Risk v Opportunity


The residential market has taken a beating over the past year and construction financing has become more difficult to come by, forcing many developers to place large and ambitions luxury development projects on hold, or cancelling them altogether. we take a close look at both the challenges and opportunities presented.

There is without question a feeling that global economic uncertainty is filtering through to the London hi-end residential market.

A quick exercise in comparing and contrasting London estate agent listings swiftly highlights the fact that current asking prices are falling, with big discounts to be had of up to 15 percent on the ticket price of desirable new high specification residential developments, including those that are highly coveted and have traditionally traded well. 

London developers and investors are now bunkering down and adjusting their focus, with provident planning for future market events by taking active steps to insulate themselves against risk and generally exercising a lot more caution and conservatism in their outlook. 

The rationale behind drawing back on the scale and quality of new London residential developments is down to quantifying where the volume and demand is currently centred, and that happens to be in the £1-3 million category, which appeals to important foreign buyers such as the Chinese, with that particular price range representing the ‘sweet spot’ for them.

On mixed use developments with a large residential component, developers that we spoke to are now looking to non-traditional lending to secure project finance, with one large London based listed developer, that declined to be named, revealing that they had as a measure of last resort turned to the Shanghai investment conglomerate SMI for a crucial £500 million capital injection to ensure project completion. 

Similarly with another large developer active in the Canary Wharf area of London, they were candid in that having been refused primary finance they had been forced to turn to the Israeli bond market.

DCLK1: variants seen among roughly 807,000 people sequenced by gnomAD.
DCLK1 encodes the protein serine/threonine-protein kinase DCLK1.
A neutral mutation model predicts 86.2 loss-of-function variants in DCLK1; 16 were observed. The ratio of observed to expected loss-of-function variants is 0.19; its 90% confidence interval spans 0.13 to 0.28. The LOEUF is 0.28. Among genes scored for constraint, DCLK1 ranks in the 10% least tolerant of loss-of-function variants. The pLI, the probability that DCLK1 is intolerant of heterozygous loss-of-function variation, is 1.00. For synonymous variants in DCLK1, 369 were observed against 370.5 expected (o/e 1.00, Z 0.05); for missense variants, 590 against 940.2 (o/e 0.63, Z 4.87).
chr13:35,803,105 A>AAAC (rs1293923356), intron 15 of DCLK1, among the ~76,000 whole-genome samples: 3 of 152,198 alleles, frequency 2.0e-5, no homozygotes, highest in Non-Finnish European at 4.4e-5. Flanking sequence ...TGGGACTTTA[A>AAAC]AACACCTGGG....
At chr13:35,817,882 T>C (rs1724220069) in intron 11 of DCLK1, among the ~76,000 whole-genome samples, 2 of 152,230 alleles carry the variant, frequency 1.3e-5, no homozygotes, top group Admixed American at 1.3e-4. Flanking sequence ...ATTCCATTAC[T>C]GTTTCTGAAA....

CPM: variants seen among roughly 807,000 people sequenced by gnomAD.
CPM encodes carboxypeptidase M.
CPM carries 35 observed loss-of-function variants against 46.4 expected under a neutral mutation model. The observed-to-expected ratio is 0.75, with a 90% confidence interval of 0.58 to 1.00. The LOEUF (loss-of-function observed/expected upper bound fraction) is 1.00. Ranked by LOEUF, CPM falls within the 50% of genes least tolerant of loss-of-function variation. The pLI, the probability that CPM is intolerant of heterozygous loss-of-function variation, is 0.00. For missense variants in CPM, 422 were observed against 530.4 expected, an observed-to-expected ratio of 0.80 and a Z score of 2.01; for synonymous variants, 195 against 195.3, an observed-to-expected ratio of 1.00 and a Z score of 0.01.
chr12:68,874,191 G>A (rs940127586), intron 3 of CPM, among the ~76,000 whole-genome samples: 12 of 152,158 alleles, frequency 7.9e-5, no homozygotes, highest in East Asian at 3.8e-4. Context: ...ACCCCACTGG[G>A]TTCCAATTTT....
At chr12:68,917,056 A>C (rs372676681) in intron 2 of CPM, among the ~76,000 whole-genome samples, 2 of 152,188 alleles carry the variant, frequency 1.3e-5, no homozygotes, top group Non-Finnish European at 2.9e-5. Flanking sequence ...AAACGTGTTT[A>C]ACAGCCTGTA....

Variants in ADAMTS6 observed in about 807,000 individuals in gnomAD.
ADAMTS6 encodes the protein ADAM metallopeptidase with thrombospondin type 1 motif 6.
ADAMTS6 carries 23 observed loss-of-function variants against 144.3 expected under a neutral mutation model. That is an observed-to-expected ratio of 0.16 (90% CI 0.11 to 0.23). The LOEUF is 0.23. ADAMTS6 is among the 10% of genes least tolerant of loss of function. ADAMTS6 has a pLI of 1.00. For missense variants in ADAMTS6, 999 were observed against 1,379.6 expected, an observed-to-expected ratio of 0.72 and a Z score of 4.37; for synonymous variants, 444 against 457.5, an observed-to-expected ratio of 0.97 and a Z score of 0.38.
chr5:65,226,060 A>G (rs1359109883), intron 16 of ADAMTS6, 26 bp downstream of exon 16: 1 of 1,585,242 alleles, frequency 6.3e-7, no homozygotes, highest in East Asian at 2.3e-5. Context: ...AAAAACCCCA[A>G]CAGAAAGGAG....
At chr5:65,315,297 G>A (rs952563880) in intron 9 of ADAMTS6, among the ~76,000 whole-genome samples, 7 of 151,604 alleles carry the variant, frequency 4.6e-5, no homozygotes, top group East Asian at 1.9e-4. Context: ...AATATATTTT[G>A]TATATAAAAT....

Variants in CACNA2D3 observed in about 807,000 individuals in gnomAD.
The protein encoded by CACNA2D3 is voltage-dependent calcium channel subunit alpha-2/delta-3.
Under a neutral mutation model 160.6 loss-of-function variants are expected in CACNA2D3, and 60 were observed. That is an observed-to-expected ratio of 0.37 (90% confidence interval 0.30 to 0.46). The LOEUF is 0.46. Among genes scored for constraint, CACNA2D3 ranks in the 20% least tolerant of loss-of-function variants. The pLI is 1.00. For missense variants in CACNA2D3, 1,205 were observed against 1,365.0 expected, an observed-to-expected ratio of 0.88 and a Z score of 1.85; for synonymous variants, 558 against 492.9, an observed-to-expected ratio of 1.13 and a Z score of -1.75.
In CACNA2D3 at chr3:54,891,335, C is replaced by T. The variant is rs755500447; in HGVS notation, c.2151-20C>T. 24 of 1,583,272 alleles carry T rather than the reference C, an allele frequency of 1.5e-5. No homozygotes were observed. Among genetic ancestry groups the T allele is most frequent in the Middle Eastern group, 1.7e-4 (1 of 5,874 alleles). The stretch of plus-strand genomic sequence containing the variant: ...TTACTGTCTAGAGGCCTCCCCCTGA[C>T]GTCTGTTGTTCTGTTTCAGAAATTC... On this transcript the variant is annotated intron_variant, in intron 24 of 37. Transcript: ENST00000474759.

This departure away from traditional routes of funding well illustrates the present condition of the real estate lending market, with traditional primary funders such as BNP Paribas Real Estate and HSBC, who were both so visibly active in the recent buoyant development cycle, now exercising acute caution before extending finance and credit lines to developers seeking funding. 

The luxury rental market in London is similarly experiencing the same challenges. Clients that we work with who are active in building, holding and operating properties are now making very sizeable landlord concessions, in particular offering to waive the first months rent to entice tenants appears to be very commonplace.

Through discussions with both agents and developers, we estimate that concessions and incentives are being offered on 15-20 percent of all London market rentals. Whilst not an exceptional phenomenon, it does present an increase from contrasting observations made of around 11 percent in 2016. 

In conclusion, the outlook will continue to pose challenges to developers looking to secure financing for new projects, with gateways to funding available for those creative and resourceful enough with commercially viable projects that are able to work their connections in order to obtain essential funding.

Buyer profiles have always been prone to adjusting and shifting over time according to changes in the market, adaptability and shared risk through development partnerships is key to hedging against market uncertainty.

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